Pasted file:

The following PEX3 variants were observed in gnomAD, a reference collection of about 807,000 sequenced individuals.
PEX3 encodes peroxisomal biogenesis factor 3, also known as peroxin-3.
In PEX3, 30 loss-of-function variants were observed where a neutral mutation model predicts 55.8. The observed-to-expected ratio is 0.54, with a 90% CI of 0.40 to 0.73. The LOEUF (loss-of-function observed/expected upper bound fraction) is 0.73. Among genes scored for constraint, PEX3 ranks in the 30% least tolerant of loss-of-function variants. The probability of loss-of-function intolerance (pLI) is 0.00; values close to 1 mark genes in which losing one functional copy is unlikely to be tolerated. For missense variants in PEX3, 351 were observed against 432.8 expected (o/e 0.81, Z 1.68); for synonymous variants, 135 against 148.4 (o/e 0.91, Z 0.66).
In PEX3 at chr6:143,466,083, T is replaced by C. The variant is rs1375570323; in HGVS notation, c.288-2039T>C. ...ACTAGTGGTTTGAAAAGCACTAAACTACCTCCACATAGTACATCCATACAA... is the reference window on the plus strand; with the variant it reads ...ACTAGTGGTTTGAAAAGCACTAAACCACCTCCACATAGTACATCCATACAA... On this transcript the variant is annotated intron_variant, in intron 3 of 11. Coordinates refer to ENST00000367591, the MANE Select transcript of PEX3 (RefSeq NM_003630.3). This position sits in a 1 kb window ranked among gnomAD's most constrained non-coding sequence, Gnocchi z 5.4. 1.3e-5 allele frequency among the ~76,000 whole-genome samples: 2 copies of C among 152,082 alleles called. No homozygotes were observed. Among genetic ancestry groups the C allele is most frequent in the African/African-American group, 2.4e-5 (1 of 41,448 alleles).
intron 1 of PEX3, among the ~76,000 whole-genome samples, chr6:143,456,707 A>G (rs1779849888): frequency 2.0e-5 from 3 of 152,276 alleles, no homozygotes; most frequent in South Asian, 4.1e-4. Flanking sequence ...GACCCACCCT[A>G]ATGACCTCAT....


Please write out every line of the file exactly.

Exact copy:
The following PEX3 variants were observed in gnomAD, a reference collection of about 807,000 sequenced individuals.
PEX3 encodes peroxisomal biogenesis factor 3, also known as peroxin-3.
In PEX3, 30 loss-of-function variants were observed where a neutral mutation model predicts 55.8. The observed-to-expected ratio is 0.54, with a 90% CI of 0.40 to 0.73. The LOEUF (loss-of-function observed/expected upper bound fraction) is 0.73. Among genes scored for constraint, PEX3 ranks in the 30% least tolerant of loss-of-function variants. The probability of loss-of-function intolerance (pLI) is 0.00; values close to 1 mark genes in which losing one functional copy is unlikely to be tolerated. For missense variants in PEX3, 351 were observed against 432.8 expected (o/e 0.81, Z 1.68); for synonymous variants, 135 against 148.4 (o/e 0.91, Z 0.66).
In PEX3 at chr6:143,466,083, T is replaced by C. The variant is rs1375570323; in HGVS notation, c.288-2039T>C. ...ACTAGTGGTTTGAAAAGCACTAAACTACCTCCACATAGTACATCCATACAA... is the reference window on the plus strand; with the variant it reads ...ACTAGTGGTTTGAAAAGCACTAAACCACCTCCACATAGTACATCCATACAA... On this transcript the variant is annotated intron_variant, in intron 3 of 11. Coordinates refer to ENST00000367591, the MANE Select transcript of PEX3 (RefSeq NM_003630.3). This position sits in a 1 kb window ranked among gnomAD's most constrained non-coding sequence, Gnocchi z 5.4. 1.3e-5 allele frequency among the ~76,000 whole-genome samples: 2 copies of C among 152,082 alleles called. No homozygotes were observed. Among genetic ancestry groups the C allele is most frequent in the African/African-American group, 2.4e-5 (1 of 41,448 alleles).
intron 1 of PEX3, among the ~76,000 whole-genome samples, chr6:143,456,707 A>G (rs1779849888): frequency 2.0e-5 from 3 of 152,276 alleles, no homozygotes; most frequent in South Asian, 4.1e-4. Flanking sequence ...GACCCACCCT[A>G]ATGACCTCAT....